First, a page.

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25. November 2003

Murphy/Cochran: Grandmaster

A married couple of writers called Murphy and Cochrane – already in name close to grand-master level chess – may perhaps feel impelled by fate to write a book such as "Grandmaster”. It reads as if it were inspired by the minds of the great masters - mystical, literary and chess masters. The book itself is a masterpiece.



Justin Gilead and Zharkow first meet as ten-year-olds in a prestigious duel between chess prodigies, one as a representative of the West the other of the East. They are like polarized twins, closely complementing each other: all their later actions will constantly be directed at destroying each other and as a result themselves. Both go a long way in preparation for the final encounter; Gilead turns out to be a reincarnation of Patanjali, filled with the spirit of Brahman and after Indian monks search for him for ten ears, he is found and brought up in the secret and holy place of Rashimpur, in order to learn everything which is possible to learn to accomplish superhuman deeds as the revered and long-desired "Wearer of the Blue Hat”. Zharkov in contrast is the foster child of the antagonistic goddess of the darkness, and be-comes the "Prince of Death”. Both are trained to fight the battle of all battles. Zharkov will later become the feared supremo of "Nichevo”, a Soviet Russian Secret Service which acts in accordance with Stalinist legacy and is even feared by the KGB, whilst Gilead enters into the service of the CIA in order to combat Nichevo. Whenever he appears at international chess tournaments, not only does he achieve outstanding results, but also Russian agents mysteri-ously die there. People call him the "Grandmaster” only out of respect. The scenes of these historical battles, unknown to all official historical accounts, are Tibet, Poland, Moscow, Ber-lin and Havana. The fight rages on, up and down, both parties have to swallow the bitter pill of defeat, Rashimpur is destroyed, and with it the paternal monks. People with whom Gilead comes into contact drop like flies, indeed even he twice seems to be finished, and rises again.

Eventually it boils down to a big showdown in Cuba. In a memorable chess tournament, all the strands of the plot are brought together, Nichevo intend to murder Castro, and the CIA wants the Soviet world champion to flee to the West.

In this review, where we are obliged to concentrate on the chess mind, detailed analysis of content and structure must be dispensed with; the novel is too vibrant for that. This incredibly lively and ever-exciting book presents a patchwork of spy novel, political thriller and crime story, of the spirituality of the Far East and New Age wisdom and also of folk-tales and myth. It is instructive, shrewdly and speedily written; in every line, it reveals the professionalism of its creators: in short, it is highly complex, even if the main conflict is characterized by the simplest duality, or more precisely, a mixture of simplicity and complexity, in a way which can perhaps be nowhere better symbolized than in chess.


That does not mean that the vocabulary of the Cold War does not have an alienating and over-simplifying effect, especially on today’s reader, nor that much of it is over-exaggerated or simply meaningless fantasy. Perhaps the entire plot of the book is nonsense, but this can be compared with modern dietary habits: we swallow rubbish daily, as long as it is tasty and well-packaged. That is the secret behind the effect of this book.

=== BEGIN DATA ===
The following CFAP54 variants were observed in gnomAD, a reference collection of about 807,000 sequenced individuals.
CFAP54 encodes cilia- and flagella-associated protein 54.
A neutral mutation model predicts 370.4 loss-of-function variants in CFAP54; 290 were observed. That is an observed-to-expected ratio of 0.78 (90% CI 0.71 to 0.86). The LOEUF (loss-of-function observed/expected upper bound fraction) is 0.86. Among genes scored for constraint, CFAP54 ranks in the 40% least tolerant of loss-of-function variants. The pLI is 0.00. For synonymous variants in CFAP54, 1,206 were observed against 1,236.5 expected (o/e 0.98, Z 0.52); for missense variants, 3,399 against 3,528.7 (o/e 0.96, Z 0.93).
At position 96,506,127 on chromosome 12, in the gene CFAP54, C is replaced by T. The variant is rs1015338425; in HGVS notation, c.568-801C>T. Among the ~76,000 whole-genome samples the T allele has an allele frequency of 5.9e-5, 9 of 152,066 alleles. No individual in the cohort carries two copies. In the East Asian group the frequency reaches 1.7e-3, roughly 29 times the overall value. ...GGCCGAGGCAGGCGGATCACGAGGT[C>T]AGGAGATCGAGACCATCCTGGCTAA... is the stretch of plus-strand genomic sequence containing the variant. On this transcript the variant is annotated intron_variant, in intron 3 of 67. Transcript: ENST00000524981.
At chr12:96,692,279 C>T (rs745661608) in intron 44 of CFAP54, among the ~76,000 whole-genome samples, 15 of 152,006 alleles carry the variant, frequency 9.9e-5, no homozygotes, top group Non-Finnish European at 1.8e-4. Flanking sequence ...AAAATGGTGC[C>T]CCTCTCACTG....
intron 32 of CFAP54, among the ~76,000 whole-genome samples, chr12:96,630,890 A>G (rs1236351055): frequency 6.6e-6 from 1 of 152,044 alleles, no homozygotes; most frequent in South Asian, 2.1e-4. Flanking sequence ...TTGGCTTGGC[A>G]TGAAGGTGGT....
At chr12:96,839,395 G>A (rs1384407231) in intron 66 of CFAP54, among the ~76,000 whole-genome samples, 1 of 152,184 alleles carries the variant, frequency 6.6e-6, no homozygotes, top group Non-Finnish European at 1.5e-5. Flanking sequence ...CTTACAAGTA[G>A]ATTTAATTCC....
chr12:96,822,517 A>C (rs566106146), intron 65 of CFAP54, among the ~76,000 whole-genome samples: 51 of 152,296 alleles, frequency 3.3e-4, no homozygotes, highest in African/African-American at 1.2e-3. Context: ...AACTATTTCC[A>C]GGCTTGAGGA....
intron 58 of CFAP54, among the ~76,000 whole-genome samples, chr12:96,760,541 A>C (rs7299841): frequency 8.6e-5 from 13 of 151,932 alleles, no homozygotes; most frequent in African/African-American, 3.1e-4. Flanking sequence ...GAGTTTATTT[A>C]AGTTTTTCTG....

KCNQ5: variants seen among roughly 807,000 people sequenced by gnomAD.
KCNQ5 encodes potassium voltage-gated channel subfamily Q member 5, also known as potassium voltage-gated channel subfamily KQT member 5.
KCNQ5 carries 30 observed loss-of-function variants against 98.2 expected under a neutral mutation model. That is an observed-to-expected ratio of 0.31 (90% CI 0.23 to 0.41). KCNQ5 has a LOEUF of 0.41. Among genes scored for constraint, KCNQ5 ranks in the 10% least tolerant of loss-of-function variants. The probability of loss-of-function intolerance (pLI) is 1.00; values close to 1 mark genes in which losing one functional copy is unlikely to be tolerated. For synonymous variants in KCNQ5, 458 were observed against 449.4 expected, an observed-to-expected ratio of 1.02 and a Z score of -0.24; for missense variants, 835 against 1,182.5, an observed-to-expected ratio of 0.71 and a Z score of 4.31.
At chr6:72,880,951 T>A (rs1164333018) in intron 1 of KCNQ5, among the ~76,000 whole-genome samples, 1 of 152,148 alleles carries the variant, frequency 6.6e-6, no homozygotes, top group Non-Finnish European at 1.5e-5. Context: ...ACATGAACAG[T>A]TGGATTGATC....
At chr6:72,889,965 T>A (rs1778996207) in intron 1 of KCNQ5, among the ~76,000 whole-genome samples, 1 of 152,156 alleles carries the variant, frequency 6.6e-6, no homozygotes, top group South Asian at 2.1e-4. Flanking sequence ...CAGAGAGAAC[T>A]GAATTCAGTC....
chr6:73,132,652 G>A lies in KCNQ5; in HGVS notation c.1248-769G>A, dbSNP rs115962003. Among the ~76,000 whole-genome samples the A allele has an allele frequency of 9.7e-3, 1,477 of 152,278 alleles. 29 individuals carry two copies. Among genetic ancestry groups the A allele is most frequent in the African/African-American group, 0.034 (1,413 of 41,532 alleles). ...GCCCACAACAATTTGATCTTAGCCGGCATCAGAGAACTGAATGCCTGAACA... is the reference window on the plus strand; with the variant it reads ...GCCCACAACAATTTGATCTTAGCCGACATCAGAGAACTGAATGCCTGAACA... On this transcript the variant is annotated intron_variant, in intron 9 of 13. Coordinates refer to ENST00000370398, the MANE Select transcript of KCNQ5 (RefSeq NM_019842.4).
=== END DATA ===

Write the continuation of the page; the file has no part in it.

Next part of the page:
In the field of chess literature, the work deserves pride of place, because it, unlike almost all others, including the classics, succeeds in combining the wisdom and inner tension of the game. That extends from Gilead´s "I am the game” to Zharkov´s "Nichevo is chess” via the notorious "flow” – "an inexplicable release in the mind of the player, when the game seemed to work itself automatically, without conscious thought"- or from imaginatively described over the board clashes, which read like a perfect crime story, and are in fact nothing other than this, from tension-charged dramas in tournaments to many wise insights into the game. Anyone who, having read the book, still does not feel like playing or learning chess on reading the book can no longer be let in on our great secret. Seen in this way, "Grandmaster” presents the most intense advertisement for chess that can be imagined, and is easily equal to dozens of theory books in terms of inspiring motivation.


It is of even more importance that chess is not misused as the means to an end, as is so often the case in literature, but serves as a universal metaphor with a potential for world-enlightenment. What happens over more than 400 pages is chess. This unheard-of elevation has here enjoyed credible success, as it symbolises a conflict of systems, which we mostly interpret as political antagonism: East vs. West, Red vs. Black, Black vs. White. But this only represents a reappearance of the eternal; one might say Heraclitean conflict. Through this, over-interpretation demands new plausibility and genuine metaphysical depth, insofar as an-cient powers stand directly opposed to each other, which then become a dialectical model of explanation. Metaphysical here means mythical. The use of chess metaphors is not artificial, it is essential, where it is not important, whether the story is fictitious or even nonsensical. Therefore this novel stands out from the flood of chess literature.

Warren Murphy/Molly Cochran: Grandmaster. London 1984. 428 p
Warren Murphy/Molly Cochran: High Priest (Grandmaster II).



--- Jörg Seidel, 25.11.2003 ---

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Copyright © 2002 by Christian Hörr